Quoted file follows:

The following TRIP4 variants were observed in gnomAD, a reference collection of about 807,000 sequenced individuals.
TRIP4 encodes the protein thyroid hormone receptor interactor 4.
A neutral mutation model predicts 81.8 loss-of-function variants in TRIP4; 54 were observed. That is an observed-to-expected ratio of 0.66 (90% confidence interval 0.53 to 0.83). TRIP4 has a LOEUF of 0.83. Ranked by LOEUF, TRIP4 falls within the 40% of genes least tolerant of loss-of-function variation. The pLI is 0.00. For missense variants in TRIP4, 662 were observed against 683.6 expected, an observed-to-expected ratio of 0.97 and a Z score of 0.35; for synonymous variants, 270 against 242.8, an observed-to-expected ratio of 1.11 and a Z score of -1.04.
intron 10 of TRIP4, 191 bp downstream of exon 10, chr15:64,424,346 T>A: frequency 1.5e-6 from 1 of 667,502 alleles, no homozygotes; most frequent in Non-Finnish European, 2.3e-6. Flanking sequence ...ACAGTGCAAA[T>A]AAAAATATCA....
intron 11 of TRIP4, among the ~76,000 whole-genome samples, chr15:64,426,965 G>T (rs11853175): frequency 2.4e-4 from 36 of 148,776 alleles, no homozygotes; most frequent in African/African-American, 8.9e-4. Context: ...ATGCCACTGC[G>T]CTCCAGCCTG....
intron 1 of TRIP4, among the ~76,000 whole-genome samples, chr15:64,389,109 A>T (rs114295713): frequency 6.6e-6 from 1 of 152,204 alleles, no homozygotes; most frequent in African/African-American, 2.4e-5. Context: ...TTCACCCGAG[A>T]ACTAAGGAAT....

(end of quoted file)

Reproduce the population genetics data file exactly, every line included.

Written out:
The following TRIP4 variants were observed in gnomAD, a reference collection of about 807,000 sequenced individuals.
TRIP4 encodes the protein thyroid hormone receptor interactor 4.
A neutral mutation model predicts 81.8 loss-of-function variants in TRIP4; 54 were observed. That is an observed-to-expected ratio of 0.66 (90% confidence interval 0.53 to 0.83). TRIP4 has a LOEUF of 0.83. Ranked by LOEUF, TRIP4 falls within the 40% of genes least tolerant of loss-of-function variation. The pLI is 0.00. For missense variants in TRIP4, 662 were observed against 683.6 expected, an observed-to-expected ratio of 0.97 and a Z score of 0.35; for synonymous variants, 270 against 242.8, an observed-to-expected ratio of 1.11 and a Z score of -1.04.
intron 10 of TRIP4, 191 bp downstream of exon 10, chr15:64,424,346 T>A: frequency 1.5e-6 from 1 of 667,502 alleles, no homozygotes; most frequent in Non-Finnish European, 2.3e-6. Flanking sequence ...ACAGTGCAAA[T>A]AAAAATATCA....
intron 11 of TRIP4, among the ~76,000 whole-genome samples, chr15:64,426,965 G>T (rs11853175): frequency 2.4e-4 from 36 of 148,776 alleles, no homozygotes; most frequent in African/African-American, 8.9e-4. Context: ...ATGCCACTGC[G>T]CTCCAGCCTG....
intron 1 of TRIP4, among the ~76,000 whole-genome samples, chr15:64,389,109 A>T (rs114295713): frequency 6.6e-6 from 1 of 152,204 alleles, no homozygotes; most frequent in African/African-American, 2.4e-5. Context: ...TTCACCCGAG[A>T]ACTAAGGAAT....